Bullying often happens in primary schools across the UK and has a huge impact on the child, classmates, teachers and family members.
 
Bullying can occur in numerous ways and is difficult to identify within a school setting. Individuals sometimes find it difficult to ask for support, as they are in a disempowered position as a result to bullying.
 
Children that have experienced bullying experience a mixture of feelings such as, fear, isolation, exclusion, disempowerment and embarrassment. They find it difficult to regain a sense of confidence and self-esteem.
 
A child's emotional stability is vital for achieving growth and development in their education. Emotional stability is often overlooked within this culture and is often an after-thought which is discussed when something goes wrong. 
 
Types of bullying behaviour
Verbal
Where bullying behaviour is victimising an individual or a group of people by directing negative/critical comments about their race, culture, weight, accent, family and intelligence, to name a few. Sometimes, people make assumptions that verbal bullying is loud and visible to all, which isn't always true - verbal bullying can be in a passive manner, which is harder to identify. 
 
Physical
Physical bullying behaviour can occur in a number of ways, which are often masked within a game or a sporting activity. It can be hard to identify within a school setting due to the huge number of children and, also, due to the subtle tactics of the bully. One assumption often made by parents is that girls don't bully, and that they don't bully boys.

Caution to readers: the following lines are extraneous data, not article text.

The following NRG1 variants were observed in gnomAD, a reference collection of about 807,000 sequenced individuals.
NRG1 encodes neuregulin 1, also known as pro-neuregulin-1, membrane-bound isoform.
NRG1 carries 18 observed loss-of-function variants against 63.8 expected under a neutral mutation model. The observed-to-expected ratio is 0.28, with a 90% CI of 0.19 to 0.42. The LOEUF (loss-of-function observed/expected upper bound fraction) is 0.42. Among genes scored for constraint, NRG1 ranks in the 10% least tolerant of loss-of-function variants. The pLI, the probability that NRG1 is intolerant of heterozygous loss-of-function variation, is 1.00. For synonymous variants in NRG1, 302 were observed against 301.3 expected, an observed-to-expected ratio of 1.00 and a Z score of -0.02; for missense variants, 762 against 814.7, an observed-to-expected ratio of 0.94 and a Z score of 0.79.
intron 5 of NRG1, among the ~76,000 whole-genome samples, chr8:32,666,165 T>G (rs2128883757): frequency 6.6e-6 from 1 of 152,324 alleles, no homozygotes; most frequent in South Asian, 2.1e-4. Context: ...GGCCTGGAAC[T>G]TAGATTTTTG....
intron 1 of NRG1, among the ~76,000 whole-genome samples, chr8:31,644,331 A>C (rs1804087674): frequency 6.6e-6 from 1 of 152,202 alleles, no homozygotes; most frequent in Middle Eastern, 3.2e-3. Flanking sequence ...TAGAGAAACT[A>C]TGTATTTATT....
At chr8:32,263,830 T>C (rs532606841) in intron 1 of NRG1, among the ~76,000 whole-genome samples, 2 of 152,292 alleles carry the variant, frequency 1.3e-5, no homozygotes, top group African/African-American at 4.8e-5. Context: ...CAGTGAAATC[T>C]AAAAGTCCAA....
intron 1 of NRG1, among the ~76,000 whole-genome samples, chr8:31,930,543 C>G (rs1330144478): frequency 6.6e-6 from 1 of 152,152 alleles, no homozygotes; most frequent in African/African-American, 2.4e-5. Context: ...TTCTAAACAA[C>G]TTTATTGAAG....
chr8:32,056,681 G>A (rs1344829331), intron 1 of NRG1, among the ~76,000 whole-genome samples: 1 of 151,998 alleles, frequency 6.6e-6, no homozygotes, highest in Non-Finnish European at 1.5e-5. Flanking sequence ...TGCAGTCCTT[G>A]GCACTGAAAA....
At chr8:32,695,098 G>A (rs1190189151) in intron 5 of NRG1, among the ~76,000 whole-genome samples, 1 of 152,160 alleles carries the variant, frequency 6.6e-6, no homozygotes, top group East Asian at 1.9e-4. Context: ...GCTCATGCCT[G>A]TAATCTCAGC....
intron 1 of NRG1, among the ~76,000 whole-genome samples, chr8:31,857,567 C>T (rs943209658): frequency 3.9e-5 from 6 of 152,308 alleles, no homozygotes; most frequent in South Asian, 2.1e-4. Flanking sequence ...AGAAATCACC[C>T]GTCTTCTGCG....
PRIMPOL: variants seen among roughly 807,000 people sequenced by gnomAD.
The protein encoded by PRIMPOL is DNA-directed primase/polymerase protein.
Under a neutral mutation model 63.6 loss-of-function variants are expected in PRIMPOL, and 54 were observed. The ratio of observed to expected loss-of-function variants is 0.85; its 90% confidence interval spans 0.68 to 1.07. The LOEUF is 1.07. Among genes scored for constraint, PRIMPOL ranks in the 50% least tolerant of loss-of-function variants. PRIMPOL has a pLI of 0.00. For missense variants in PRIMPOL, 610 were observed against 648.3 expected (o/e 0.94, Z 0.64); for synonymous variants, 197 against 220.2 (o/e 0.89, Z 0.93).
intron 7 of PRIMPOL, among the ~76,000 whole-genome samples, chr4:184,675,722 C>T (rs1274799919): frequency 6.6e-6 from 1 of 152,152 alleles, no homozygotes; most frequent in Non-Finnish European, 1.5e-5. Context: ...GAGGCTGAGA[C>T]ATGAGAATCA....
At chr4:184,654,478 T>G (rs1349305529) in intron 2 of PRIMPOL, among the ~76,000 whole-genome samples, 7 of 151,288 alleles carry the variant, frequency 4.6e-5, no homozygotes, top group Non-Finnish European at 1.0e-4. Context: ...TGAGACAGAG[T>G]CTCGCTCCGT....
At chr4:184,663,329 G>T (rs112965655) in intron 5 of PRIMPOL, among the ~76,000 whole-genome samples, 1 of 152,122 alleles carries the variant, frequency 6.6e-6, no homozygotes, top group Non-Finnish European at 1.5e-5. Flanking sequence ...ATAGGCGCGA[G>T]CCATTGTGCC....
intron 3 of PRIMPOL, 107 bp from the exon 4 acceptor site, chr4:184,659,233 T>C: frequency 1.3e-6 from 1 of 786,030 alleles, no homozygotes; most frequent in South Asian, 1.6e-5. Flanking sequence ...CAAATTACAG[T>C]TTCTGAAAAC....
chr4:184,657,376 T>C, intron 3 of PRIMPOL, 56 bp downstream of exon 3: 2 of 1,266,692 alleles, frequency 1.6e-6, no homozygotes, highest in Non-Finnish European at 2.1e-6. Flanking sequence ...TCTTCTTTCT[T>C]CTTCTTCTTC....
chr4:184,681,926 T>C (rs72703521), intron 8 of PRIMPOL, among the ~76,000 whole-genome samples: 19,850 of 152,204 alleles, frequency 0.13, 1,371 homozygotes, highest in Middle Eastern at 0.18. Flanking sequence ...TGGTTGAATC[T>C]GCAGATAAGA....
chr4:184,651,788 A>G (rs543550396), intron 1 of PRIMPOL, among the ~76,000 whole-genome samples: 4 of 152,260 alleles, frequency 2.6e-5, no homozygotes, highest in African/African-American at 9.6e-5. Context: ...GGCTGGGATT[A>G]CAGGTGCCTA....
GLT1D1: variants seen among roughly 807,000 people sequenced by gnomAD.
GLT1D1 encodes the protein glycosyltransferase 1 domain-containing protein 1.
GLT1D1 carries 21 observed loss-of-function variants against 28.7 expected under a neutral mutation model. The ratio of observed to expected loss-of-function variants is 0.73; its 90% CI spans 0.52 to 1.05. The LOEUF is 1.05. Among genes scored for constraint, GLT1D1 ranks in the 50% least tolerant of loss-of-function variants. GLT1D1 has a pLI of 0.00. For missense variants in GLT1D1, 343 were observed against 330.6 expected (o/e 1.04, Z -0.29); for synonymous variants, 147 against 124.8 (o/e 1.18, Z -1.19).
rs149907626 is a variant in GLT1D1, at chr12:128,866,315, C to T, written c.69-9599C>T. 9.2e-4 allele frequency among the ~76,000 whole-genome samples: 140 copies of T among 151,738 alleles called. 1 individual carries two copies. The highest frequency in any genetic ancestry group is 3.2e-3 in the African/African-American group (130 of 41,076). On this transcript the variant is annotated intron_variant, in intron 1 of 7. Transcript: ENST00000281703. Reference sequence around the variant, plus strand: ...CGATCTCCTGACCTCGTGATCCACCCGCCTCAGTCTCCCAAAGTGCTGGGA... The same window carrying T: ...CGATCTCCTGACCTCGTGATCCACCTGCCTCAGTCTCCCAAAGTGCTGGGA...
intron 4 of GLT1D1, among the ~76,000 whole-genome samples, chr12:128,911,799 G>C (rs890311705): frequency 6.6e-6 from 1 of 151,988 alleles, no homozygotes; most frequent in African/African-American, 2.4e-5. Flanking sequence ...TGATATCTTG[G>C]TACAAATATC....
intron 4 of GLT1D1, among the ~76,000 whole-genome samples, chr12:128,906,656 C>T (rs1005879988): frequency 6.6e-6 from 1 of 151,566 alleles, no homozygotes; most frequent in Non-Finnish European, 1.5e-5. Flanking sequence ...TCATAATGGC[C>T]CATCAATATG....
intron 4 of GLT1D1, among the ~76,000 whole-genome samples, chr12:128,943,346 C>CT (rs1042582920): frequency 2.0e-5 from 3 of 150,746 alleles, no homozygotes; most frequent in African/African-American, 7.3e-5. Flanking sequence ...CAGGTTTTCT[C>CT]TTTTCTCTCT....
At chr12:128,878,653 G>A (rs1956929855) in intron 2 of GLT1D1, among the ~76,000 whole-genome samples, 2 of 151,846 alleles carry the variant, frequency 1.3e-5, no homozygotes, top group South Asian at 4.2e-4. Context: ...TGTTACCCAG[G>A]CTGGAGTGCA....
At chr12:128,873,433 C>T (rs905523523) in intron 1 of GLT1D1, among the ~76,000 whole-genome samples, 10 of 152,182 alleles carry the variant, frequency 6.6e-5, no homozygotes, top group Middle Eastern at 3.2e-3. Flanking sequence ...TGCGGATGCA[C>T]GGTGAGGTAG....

Cyber
Cyber-bullying does happen whilst children are in primary school, and children have a huge awareness of the new social media platforms. Bullying online can be excluding individuals within social media/gaming  groups, which can be very damaging to a child's emotional development. There is an assumption that bullying only happens on Facebook, which is not true. 
 
 
How to support someone who is affected by bullying
Children that have been bullied often feel disempowered and identify as being a victim. There is a sense of loss of identify and lack of energy to stand up for oneself. Here are some ideas and thoughts of how to support children who have been bullied.
  • Focus on building the child's confidence.
  • Take small steps to build on their self-esteem.
  • Have someone outside of the family unit listen to the child's experience of bullying (there is sometimes a real embarrassment).
  • Counselling support (some schools offer counselling as extra support).
  • Social groups and activity groups.
  • Creative projects.
  • Empower children to say what they need, and how to say ‘no, stop, go away’.
Familiarise yourself with the various different services in your area for building confidence.
 
 
Further help and advice:
  • Bullying UK - provides free, confidential advice for parents on bullying, how to spot the signs, and how to support you through it.
  • Kidscape - supporting young people and parents on bullying issues.
  • The Cybersmile Foundation - works to stop cyber-bullying by supporting those that have been bullied online, and address the behaviour of those who bully.
Therapist
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